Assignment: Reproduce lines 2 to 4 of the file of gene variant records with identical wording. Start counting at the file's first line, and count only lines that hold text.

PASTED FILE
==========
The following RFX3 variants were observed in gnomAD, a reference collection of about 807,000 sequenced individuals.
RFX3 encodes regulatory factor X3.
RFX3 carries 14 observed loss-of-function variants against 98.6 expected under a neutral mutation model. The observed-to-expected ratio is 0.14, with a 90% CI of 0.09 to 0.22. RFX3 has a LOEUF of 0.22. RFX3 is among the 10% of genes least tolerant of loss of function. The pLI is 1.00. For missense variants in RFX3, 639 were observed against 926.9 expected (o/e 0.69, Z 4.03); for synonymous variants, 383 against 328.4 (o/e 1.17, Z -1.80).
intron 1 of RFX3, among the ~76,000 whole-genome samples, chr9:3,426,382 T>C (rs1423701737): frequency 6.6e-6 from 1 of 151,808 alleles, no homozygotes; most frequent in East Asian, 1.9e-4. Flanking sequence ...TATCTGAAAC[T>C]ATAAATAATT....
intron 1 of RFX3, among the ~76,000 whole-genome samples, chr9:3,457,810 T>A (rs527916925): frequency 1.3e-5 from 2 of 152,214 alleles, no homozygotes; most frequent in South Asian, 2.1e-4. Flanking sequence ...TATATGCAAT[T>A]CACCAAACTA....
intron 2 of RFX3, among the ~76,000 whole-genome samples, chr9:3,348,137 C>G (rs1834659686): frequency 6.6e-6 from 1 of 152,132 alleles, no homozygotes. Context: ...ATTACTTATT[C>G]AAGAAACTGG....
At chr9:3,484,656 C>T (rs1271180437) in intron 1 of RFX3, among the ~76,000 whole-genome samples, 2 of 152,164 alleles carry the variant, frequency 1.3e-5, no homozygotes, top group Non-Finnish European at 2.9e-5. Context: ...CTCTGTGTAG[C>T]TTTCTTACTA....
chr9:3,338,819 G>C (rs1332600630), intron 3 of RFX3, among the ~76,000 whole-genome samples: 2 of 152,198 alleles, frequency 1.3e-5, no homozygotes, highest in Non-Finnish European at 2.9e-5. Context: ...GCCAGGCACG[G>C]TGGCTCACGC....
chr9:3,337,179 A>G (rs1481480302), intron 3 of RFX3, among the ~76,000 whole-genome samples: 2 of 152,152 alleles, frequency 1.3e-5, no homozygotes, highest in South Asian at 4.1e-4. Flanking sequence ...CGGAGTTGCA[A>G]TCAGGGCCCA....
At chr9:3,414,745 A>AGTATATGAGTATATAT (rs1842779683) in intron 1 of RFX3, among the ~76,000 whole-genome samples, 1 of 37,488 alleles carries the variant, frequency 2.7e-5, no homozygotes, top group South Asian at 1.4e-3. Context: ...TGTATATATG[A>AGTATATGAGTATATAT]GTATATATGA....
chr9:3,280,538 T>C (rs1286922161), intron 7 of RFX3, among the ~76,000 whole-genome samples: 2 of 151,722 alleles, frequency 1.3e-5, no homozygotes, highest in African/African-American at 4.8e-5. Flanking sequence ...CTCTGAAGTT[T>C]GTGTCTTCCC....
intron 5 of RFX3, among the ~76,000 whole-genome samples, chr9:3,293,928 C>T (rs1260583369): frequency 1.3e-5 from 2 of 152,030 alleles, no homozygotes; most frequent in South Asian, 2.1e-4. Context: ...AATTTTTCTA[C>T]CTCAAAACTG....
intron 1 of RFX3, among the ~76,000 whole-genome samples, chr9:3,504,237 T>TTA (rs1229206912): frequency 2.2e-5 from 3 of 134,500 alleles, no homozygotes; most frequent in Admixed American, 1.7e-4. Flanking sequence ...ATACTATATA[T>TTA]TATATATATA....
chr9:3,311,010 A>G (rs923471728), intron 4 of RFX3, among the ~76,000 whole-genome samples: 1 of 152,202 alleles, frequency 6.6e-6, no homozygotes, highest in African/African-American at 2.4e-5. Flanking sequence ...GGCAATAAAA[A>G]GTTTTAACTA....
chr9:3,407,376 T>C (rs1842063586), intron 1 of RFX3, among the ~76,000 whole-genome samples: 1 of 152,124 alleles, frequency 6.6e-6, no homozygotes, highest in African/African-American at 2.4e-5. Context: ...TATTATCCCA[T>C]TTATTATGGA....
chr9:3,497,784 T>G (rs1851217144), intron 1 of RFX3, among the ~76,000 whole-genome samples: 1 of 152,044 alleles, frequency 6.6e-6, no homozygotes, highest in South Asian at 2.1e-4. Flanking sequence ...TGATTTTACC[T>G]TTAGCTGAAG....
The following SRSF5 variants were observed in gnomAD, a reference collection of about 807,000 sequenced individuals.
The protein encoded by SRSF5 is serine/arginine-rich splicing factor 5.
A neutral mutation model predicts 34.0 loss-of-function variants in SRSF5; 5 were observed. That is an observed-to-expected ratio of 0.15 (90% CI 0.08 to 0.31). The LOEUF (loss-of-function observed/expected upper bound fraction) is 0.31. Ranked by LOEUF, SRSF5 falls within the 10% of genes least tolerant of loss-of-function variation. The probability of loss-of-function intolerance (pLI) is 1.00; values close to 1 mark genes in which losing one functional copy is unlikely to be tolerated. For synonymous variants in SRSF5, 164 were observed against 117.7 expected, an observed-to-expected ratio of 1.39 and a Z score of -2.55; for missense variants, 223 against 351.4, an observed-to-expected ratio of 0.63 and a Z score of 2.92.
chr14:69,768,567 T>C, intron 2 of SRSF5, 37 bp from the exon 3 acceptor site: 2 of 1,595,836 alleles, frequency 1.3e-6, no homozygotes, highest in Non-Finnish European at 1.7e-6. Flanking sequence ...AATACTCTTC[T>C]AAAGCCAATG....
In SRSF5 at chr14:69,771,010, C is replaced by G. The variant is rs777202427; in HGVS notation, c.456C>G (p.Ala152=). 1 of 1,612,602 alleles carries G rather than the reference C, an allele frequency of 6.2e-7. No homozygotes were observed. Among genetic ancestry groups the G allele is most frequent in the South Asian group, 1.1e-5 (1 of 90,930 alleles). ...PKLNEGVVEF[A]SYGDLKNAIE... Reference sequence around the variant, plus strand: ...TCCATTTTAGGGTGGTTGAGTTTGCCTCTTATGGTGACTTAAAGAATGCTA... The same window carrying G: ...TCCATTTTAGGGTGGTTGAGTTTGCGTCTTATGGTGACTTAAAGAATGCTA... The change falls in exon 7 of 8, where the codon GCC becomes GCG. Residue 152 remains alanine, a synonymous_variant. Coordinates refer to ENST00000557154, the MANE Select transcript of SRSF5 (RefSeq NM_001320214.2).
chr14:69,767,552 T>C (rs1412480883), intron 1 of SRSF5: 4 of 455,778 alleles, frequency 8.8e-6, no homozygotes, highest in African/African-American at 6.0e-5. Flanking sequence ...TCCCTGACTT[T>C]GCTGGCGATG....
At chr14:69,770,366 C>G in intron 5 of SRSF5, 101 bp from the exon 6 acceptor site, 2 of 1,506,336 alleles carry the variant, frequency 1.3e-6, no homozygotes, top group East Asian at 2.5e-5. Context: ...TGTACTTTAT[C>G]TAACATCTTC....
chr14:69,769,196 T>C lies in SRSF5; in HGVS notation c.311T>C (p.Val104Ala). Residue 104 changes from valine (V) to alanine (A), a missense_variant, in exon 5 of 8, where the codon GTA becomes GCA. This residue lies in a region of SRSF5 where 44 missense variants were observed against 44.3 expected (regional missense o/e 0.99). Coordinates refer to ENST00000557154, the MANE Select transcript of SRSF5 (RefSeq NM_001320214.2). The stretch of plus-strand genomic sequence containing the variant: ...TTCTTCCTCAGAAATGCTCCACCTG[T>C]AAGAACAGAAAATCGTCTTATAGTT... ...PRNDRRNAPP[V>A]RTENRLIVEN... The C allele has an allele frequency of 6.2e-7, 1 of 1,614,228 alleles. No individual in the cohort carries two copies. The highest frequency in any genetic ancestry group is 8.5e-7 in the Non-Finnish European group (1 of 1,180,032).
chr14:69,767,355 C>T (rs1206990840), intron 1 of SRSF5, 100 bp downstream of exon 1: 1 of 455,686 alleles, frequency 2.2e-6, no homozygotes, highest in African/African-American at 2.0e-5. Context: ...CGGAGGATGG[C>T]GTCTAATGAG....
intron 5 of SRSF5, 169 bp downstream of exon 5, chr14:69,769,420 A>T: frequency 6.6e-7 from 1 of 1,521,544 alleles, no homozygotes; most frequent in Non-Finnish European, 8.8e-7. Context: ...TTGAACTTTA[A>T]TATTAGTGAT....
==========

RFX3 encodes regulatory factor X3.
RFX3 carries 14 observed loss-of-function variants against 98.6 expected under a neutral mutation model. The observed-to-expected ratio is 0.14, with a 90% CI of 0.09 to 0.22. RFX3 has a LOEUF of 0.22. RFX3 is among the 10% of genes least tolerant of loss of function. The pLI is 1.00. For missense variants in RFX3, 639 were observed against 926.9 expected (o/e 0.69, Z 4.03); for synonymous variants, 383 against 328.4 (o/e 1.17, Z -1.80).
intron 1 of RFX3, among the ~76,000 whole-genome samples, chr9:3,426,382 T>C (rs1423701737): frequency 6.6e-6 from 1 of 151,808 alleles, no homozygotes; most frequent in East Asian, 1.9e-4. Flanking sequence ...TATCTGAAAC[T>C]ATAAATAATT....